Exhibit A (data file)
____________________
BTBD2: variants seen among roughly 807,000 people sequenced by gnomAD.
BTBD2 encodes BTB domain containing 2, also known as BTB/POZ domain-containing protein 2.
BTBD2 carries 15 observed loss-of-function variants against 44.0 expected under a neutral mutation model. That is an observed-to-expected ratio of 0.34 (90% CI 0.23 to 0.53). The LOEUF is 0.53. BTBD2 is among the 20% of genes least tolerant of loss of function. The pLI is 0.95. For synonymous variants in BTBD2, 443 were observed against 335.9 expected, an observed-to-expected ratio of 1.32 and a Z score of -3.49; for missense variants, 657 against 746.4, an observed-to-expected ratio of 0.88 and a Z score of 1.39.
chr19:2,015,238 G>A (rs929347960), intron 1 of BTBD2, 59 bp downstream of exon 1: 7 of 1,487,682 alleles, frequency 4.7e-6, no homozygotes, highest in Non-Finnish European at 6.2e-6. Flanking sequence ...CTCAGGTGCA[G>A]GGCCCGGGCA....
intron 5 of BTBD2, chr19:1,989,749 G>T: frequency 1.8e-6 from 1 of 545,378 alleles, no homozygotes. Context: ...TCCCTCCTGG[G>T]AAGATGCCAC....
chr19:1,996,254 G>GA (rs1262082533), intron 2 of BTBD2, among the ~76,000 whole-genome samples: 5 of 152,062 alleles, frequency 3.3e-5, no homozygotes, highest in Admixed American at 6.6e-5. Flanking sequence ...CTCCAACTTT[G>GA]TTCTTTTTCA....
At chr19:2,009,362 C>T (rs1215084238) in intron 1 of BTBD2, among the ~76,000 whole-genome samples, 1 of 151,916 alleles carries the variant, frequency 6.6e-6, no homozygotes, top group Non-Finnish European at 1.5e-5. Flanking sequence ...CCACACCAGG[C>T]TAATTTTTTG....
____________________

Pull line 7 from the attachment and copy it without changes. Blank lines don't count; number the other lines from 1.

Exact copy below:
At chr19:2,009,362 C>T (rs1215084238) in intron 1 of BTBD2, among the ~76,000 whole-genome samples, 1 of 151,916 alleles carries the variant, frequency 6.6e-6, no homozygotes, top group Non-Finnish European at 1.5e-5. Flanking sequence ...CCACACCAGG[C>T]TAATTTTTTG....